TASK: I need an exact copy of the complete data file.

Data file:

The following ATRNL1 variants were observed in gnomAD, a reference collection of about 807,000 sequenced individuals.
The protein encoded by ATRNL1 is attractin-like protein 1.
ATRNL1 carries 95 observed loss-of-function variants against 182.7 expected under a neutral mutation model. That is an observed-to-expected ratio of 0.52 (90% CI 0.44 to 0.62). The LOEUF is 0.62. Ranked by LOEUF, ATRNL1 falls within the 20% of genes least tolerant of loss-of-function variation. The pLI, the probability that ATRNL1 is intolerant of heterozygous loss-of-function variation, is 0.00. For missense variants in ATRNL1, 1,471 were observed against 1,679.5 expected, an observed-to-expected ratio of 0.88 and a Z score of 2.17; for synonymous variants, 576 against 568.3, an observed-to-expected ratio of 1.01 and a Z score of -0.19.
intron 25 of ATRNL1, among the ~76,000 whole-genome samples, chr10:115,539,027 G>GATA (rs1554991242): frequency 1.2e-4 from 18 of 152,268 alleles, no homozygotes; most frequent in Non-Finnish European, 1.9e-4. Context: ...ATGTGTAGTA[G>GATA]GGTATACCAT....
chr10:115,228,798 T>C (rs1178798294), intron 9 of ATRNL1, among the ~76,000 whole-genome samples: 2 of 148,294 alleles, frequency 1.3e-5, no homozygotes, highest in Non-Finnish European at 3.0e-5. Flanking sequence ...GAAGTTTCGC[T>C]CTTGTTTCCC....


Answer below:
The following ATRNL1 variants were observed in gnomAD, a reference collection of about 807,000 sequenced individuals.
The protein encoded by ATRNL1 is attractin-like protein 1.
ATRNL1 carries 95 observed loss-of-function variants against 182.7 expected under a neutral mutation model. That is an observed-to-expected ratio of 0.52 (90% CI 0.44 to 0.62). The LOEUF is 0.62. Ranked by LOEUF, ATRNL1 falls within the 20% of genes least tolerant of loss-of-function variation. The pLI, the probability that ATRNL1 is intolerant of heterozygous loss-of-function variation, is 0.00. For missense variants in ATRNL1, 1,471 were observed against 1,679.5 expected, an observed-to-expected ratio of 0.88 and a Z score of 2.17; for synonymous variants, 576 against 568.3, an observed-to-expected ratio of 1.01 and a Z score of -0.19.
intron 25 of ATRNL1, among the ~76,000 whole-genome samples, chr10:115,539,027 G>GATA (rs1554991242): frequency 1.2e-4 from 18 of 152,268 alleles, no homozygotes; most frequent in Non-Finnish European, 1.9e-4. Context: ...ATGTGTAGTA[G>GATA]GGTATACCAT....
chr10:115,228,798 T>C (rs1178798294), intron 9 of ATRNL1, among the ~76,000 whole-genome samples: 2 of 148,294 alleles, frequency 1.3e-5, no homozygotes, highest in Non-Finnish European at 3.0e-5. Flanking sequence ...GAAGTTTCGC[T>C]CTTGTTTCCC....